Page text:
Burden of Proof

The University has the burden of proof of guilt by preponderance of the evidence (not beyond a reasonable doubt, as in the courts). Burden of proof by preponderance of the evidence may be understood as more likely than not that a conclusion may be drawn based on the existing relevant and admissible evidence presented at the hearing.

Committee Report

A written report of the original hearing will be made consisting of:

  • Charges delivered, Conduct Disposition, and other hearing documents
  • Summary of the accepted testimony and evidence leading to the majority vote decision of the committee which supports certain findings
  • Committee decision including precedent (if appropriate), past behavioral record, and any other considerations used in the committee rationale for the decision and the sanction
  • Sanction(s) or interventions imposed (see the Sanctioning Guidelines for Violations of Academic Integrity)

The report will be submitted to the Office of the Associate Dean for Undergraduate Education for forwarding to the University Office of Student Conduct. Official notice to the student is made by the Office of the Associate Dean for Undergraduate Education.

If the committee finds the student not responsible, the matter is closed and no record goes to the Office of Student Conduct. The student is free to drop or withdraw from the course.

Appeals

A new hearing may be granted by the original hearing body only if the sanction is dismissal from the academic program.

Once an academic sanction for the present case has been decided upon, additional sanctions may be added when there is a history of repeated academic integrity violations. These sanctions depend on the number of prior infractions.

  • For students with fewer than the equivalent of four infractions, including the current one at hand, conduct review recommendations will be determined by the committee’s Conduct Review Subcommittee and sent to the Office of Student Conduct. The Conduct Review Subcommittee is composed of the associate dean for undergraduate education, the academic integrity coordinator, and the chair of the Academic Integrity Committee. Students for whom prior violations are discovered, either after accepting allegations of academic dishonesty or after being found responsible for them, are treated in exactly the same manner.
  • If the equivalent of four or more academic infractions, including the current one at hand, have been accumulated by a student, the Academic Integrity Committee will determine the conduct review recommendations to be sent to the Office of Student Conduct. Because dismissal from college programs becomes a possibility for a student having four infractions, the academic integrity coordinator will meet in person with a student who accepted responsibility for the fourth violation to emphasize both this possible outcome and their right to contest the fourth infraction. This meeting will occur before the committee meets to decide upon conduct review recommendations. If the committee recommends dismissal from college programs, which is an academic sanction, for a student who accepts the current (fourth) sanction or who is found responsible for the fourth infraction in a contested case, the student will be notified of this outcome as will be the dean of the college and the Office of Student Conduct.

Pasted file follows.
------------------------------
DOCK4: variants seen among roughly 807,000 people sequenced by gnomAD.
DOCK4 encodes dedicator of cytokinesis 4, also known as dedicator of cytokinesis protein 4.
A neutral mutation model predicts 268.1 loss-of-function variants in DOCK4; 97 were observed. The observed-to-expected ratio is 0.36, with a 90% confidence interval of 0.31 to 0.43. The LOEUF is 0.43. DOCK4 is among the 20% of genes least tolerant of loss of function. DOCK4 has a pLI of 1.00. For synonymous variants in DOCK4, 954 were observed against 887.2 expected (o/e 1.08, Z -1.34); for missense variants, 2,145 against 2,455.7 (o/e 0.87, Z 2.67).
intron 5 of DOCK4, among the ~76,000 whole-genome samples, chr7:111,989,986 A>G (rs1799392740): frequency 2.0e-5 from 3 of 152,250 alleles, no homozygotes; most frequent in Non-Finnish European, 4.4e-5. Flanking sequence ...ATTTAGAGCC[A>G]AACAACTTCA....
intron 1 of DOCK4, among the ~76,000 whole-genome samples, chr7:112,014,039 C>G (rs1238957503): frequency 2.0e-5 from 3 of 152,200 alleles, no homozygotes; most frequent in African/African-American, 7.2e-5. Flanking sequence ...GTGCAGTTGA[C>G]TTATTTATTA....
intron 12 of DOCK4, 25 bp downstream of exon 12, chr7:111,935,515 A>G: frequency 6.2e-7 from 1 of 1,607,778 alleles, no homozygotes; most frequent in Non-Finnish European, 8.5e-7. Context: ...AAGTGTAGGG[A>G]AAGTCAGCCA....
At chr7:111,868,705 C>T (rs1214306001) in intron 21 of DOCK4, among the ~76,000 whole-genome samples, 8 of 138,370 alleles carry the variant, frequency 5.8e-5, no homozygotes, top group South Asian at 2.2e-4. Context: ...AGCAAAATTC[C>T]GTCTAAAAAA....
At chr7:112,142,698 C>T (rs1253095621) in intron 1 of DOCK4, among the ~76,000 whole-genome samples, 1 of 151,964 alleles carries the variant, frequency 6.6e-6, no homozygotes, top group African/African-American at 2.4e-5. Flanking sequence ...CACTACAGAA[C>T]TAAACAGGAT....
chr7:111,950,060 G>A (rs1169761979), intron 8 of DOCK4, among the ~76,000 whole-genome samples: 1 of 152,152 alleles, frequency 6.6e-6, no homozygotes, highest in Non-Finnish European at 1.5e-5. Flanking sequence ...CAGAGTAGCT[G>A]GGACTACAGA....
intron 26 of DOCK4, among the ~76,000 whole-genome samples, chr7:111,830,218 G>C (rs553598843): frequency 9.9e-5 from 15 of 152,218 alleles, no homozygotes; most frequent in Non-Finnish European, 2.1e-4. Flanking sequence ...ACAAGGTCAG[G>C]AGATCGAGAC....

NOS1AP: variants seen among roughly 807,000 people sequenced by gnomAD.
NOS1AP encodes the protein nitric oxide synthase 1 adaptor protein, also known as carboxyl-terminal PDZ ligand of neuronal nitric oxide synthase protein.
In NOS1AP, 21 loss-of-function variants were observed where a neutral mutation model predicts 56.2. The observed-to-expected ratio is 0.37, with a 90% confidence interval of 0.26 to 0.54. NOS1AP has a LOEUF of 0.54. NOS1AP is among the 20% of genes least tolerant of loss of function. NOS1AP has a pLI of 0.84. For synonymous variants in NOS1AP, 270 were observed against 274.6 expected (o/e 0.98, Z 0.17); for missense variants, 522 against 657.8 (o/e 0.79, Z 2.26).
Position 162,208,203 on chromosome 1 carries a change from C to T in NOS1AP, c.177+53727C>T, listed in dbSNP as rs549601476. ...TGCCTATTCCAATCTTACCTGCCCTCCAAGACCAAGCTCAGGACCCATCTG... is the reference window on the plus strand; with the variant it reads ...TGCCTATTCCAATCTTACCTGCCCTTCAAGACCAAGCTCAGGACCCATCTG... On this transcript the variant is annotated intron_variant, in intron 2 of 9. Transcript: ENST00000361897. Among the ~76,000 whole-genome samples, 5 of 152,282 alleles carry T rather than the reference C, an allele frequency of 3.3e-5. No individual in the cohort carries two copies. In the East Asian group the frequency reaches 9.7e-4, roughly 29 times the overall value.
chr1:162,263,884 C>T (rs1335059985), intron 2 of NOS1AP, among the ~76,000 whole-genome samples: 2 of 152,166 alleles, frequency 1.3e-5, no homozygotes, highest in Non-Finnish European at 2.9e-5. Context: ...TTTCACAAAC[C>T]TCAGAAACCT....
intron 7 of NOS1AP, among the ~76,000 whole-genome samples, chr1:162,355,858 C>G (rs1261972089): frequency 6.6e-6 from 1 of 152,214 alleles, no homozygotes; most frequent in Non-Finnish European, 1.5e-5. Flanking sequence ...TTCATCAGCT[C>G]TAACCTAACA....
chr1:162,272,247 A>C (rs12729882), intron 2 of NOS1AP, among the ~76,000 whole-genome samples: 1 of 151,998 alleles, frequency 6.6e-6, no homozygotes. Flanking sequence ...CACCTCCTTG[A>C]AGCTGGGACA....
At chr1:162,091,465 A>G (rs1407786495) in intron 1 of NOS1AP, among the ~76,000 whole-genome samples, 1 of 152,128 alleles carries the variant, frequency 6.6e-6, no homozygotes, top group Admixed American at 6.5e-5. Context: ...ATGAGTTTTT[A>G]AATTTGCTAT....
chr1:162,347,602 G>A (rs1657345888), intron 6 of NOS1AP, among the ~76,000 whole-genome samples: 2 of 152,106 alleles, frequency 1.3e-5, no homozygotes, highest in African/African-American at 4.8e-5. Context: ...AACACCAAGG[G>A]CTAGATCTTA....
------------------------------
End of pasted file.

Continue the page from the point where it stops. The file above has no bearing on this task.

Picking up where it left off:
Note: The committee can implement the academic sanction of dismissal from college programs if a student is majoring or minoring in a college program, but only the University can enforce expelling a student from the University. For a committee sanction of dismissal from college programs, the student has the right (and should be informed of this right) of appeal within two weeks to the dean of the college to seek revocation of dismissal from college programs. If no appeal occurs, dismissal from college programs is the final outcome. If appealed within two weeks, the dean or their designee’s ruling within a reasonable period after the appeal is placed is the final outcome. If the committee does not recommend dismissal from college programs but rather a conduct sanction for four infractions, the student will be notified of this outcome as will be the Office of Student Conduct, which will decide upon the final sanction.